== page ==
« Brainstorming ... the McKinsey way | Main | After a data breach, talk is cheap »

The buyer journey and your website: Decision

Alex Karei, marketing director for Webspec Design, blogs about web strategy.

In April, I started a series on this blog about the buyer journey and how it impacts your website. I introduced, at a high level, what a buyer journey may look like in regards to making a purchasing decision, and outlined an example. In June, I talked about stage one: discovery, and stage two: consideration.

If you didn’t catch those two posts, I’d recommend heading over to the “Web Strategy” page and catching up a bit.

Now … decision. The end of the buyer journey. You could argue that it’s the most important piece of the puzzle, or the natural culmination of all the work conducted so far. Regardless, without decision none of us would have clients and we wouldn’t be here today.

By the time a client gets to the decision point, you’ve helped them find your website online and delivered content that they’ll find interesting. The key at this point is fairly simple - convince them that you’re worth their money.

This portion of the process is different for everyone. Some of you may have shopping carts, some may need a client to call and complete a purchase, and some of you may even need to schedule an in-person meeting. Regardless of what needs to happen, I firmly believe one thing is true when you hit this part of the process: The devil is in the details.

What do I mean by that? It’s the small things you can include on your website at this point that will stand out and push a potential client to act. What are you doing to help them? 

Help make visitors' purchase decision easier

  1. Ensure the purchase process is obvious to visitors. Like I said, every company is different, and many people have different ways that the process can be completed. Don’t make people guess at what they need to do. A good test for this is to grab a friend, sit them in front of your website, and ask them to make a purchase (don’t help them). You’ll quickly see how easy your process really is.
  2. Share customer testimonials - but make sure they MEAN something. How many of you have read a testimonial that said, “It was great working with X and X"? Did that help you make a purchasing decision? Probably not - it doesn’t mean much. For testimonials, we want something more along the lines of, “I enjoyed working with X because of his/her careful attention to my account details. He/she was always very prompt with getting back to me - I knew I could count on him/her!”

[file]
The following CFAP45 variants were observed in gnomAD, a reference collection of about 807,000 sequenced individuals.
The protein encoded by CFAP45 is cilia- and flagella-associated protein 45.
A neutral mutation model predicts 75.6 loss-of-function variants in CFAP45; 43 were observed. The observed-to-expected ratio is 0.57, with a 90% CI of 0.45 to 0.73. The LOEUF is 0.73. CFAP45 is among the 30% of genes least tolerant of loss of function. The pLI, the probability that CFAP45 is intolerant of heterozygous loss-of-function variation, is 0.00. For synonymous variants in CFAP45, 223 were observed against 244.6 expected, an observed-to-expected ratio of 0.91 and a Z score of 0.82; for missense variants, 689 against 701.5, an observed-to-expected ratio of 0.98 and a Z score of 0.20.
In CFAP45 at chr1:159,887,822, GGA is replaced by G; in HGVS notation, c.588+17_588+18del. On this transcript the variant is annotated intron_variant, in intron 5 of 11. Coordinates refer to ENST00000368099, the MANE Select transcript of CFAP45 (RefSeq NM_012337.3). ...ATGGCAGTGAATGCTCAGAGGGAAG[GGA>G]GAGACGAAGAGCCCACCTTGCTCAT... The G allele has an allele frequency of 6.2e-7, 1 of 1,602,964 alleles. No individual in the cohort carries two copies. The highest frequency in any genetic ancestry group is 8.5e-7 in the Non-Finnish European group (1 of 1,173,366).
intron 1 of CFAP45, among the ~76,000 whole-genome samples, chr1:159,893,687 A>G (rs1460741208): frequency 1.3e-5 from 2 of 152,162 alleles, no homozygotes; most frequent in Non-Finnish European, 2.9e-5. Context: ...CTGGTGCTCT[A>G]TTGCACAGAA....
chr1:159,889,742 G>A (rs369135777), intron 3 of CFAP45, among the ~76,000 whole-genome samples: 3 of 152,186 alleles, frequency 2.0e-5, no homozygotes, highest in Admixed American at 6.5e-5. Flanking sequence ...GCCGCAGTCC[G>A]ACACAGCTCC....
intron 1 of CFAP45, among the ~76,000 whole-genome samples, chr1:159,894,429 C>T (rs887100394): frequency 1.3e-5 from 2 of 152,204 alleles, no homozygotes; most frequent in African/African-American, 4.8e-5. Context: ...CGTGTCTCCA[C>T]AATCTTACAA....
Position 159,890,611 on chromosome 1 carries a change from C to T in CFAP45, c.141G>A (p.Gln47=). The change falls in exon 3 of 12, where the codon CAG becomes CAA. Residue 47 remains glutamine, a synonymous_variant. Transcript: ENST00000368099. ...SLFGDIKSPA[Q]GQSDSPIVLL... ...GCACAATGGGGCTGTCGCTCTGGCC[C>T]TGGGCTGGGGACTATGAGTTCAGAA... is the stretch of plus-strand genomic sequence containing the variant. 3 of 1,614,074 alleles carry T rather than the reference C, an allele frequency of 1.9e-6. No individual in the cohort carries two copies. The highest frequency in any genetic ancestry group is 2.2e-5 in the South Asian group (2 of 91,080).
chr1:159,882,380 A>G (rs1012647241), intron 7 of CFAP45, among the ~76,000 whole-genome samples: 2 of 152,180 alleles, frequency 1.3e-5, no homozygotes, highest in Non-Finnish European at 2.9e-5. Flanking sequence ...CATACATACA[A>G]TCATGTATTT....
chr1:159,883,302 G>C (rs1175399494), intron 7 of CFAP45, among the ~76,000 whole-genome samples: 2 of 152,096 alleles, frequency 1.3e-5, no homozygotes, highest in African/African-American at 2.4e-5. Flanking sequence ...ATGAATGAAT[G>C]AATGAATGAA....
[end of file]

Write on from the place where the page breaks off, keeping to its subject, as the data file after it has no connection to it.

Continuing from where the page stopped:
3. Show them you’re more than a website. Have you ever been to a website where it seemed like if you had any questions, you were out of luck? That can detract quickly from helping someone make a decision. Include details that make you accessible, such as a phone number, support email, or even a live-chat feature. You don’t want a short question to lose you a large sale, do you? Didn’t think so.

Wow! What an adventure we’ve had walking through the buyer’s journey. I hope that through the last few blogs I’ve written you’ve gained some insights into what your buyer journey might look like. It’s different for everyone, and the most important thing at the end of the day is that you’ve considered it.

Have you made any adjustments to your website through this series of blogs? Are you planning to?

Alex-Karei_YPFinalist2016Alex is the marketing & communications director for Webspec Design, a website design and development and digital marketing agency in Urbandale. Connect with her via:

Email: alex@webspecdesign.com

Twitter: www.twitter.com/alex_karei

Instagram: www.instagram.com/alex_karei

LinkedIn: www.linkedin.com/in/alexandriakarei


The comments to this entry are closed.

« Brainstorming ... the McKinsey way | Main | After a data breach, talk is cheap »

Technorati Bookmark: The buyer journey and your website: Decision

This site is intended for informational and conversational purposes, not to provide specific legal, investment, or tax advice.  Articles and opinions posted here are those of the author(s). Links to and from other sites are for informational purposes and are not an endorsement by this site’s sponsor.